The above works but it can be slow. A much faster way to execute the sync is by recreating identical refs to the ones used in the latest integration. This is also a neat way to make sure that any new developer tasked with the integration starts at the right commit/change-list.

Here's how to go about it:

  • Remove the old original (or stale) refs for the p4 remote (optional):
git symbolic-ref -d refs/remotes/p4/HEAD
git update-ref -d refs/remotes/p4/main
  • Create artificial (aka fake) remote refs that point to the last commit on p4-integ on origin:
git update-ref refs/remotes/p4/main remotes/origin/p4-integ
git symbolic-ref refs/remotes/p4/HEAD refs/remotes/p4/main

The only drawback of this much faster sync is that we need to specify explicitly the branch in git p4. So here is the final command:

git p4 sync --branch=refs/remotes/p4/main

The way git p4 tracks the mapping between git commit ids and P4's is by annotating commits with meta-data:

Merge pull request #340 in MOB/project from bugfix/PRJ-3185 to develop

    Squashed commit of the following:

    commit c2843b424fb3f5be1ba64be51363db63621162b4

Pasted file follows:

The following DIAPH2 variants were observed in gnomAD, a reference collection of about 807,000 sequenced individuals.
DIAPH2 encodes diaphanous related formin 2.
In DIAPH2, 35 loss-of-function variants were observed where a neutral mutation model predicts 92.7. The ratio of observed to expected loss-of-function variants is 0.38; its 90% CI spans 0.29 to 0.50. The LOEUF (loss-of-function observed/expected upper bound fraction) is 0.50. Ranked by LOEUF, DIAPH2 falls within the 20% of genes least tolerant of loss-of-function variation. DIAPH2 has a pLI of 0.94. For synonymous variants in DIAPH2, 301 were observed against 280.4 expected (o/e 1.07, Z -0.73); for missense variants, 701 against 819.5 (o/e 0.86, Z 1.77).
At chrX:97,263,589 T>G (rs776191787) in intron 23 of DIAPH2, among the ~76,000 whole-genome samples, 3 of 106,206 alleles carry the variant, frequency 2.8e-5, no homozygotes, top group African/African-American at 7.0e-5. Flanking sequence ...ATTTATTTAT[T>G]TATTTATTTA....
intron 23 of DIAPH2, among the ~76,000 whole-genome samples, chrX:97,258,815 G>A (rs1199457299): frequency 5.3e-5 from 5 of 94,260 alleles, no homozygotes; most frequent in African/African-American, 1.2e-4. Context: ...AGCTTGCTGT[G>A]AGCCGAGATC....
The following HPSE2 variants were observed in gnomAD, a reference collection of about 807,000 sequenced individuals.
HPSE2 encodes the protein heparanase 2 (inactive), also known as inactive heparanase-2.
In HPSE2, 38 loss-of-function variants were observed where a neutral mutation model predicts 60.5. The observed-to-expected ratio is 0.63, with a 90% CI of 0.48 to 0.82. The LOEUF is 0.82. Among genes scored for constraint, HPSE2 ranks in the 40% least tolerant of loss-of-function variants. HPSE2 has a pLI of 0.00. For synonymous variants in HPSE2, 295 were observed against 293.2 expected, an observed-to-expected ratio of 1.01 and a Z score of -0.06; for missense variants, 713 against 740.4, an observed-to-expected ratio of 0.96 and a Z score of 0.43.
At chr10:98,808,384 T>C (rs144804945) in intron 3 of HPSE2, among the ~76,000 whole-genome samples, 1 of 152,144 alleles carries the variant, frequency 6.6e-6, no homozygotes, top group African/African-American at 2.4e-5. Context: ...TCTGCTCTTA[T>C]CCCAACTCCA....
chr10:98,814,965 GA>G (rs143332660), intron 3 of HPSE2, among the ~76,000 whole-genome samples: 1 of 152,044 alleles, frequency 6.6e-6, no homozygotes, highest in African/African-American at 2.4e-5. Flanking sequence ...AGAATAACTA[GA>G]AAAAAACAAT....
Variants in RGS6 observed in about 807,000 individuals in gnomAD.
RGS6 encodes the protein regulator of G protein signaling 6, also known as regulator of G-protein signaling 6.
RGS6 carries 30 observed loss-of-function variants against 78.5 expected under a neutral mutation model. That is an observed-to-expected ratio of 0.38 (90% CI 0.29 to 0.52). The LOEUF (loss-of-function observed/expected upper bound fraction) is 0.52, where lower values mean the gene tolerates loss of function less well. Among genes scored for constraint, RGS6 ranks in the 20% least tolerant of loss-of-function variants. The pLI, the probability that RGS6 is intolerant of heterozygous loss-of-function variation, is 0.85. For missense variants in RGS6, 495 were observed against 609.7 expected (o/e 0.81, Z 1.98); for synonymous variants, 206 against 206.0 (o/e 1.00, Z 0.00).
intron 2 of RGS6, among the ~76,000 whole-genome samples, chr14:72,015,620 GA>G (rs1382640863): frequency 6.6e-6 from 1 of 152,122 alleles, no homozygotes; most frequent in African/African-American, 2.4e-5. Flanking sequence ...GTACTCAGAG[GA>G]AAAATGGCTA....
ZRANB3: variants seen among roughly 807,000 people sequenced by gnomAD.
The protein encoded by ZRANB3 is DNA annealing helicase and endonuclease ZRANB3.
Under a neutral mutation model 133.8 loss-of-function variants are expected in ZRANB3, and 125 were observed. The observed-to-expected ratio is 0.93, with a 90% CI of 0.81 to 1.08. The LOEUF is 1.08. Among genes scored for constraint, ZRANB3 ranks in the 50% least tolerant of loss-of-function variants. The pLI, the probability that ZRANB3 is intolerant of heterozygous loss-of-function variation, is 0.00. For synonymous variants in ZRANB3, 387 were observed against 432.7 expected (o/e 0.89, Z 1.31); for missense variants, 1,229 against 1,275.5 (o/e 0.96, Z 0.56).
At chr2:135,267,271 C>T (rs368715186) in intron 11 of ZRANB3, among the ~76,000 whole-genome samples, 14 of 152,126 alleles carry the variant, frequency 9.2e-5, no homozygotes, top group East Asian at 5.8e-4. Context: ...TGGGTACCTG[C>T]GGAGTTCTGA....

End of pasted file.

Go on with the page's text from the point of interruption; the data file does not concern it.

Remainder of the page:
Author: Some Developer
    Date:   Wed Jan 14 09:26:45 2015 +0100

        [PRJ-3185] The app shows ...

    commit abc135fc1fccf74dac8882d70b1ddd8a4750f078
    Author: Some Developer
    Date:   Tue Jan 13 14:18:46 2015 +0100

        [PRJ-3185] The app shows the rating ...

    [git-p4: depot-paths = "//depot-mobile/project/": change = 1794239]

Note that in a more recent version of git p4 the meta-data to associate a git commit with a P4 change-list is stored in a commit note and not in the commit message. The TomTom team didn't love the change because it made it slightly more work to check the change-list numbers when needed.

Moving changes from git to Perforce

After the fast sync operation above has been completed, you are now ready to push changes from git to Perforce.

The first step is to rebase p4-integ with changes coming from remotes/p4/main:

git checkout p4-integ
git p4 rebase

After this, all new changes from Perforce should be on p4-integ so we can update main:

  • After that you can simply:
git checkout main
git merge develop
  • Make sure you have latest tags locally:
git fetch --tags
  • Use a temporary cleanup in case you need to remove commits already in P4 (see P4 tag in commit). In case no commits are to be skipped an automatic rebase which will linearize the history:
git checkout -b cleanup #branching off from main
git rebase -s recursive -X theirs tag/last-p4-integ
  • Using an interactive rebase this can be done instead with:
git rebase -i tag/last-p4-integ
  • Use cherry-pick to pick the new commits and put them on p4-integ branch. We do it this way because we make no assumption that the git branches main and develop can be kept as proper ancestors of the p4-integ branch. In fact at TomTom this is not the case anymore.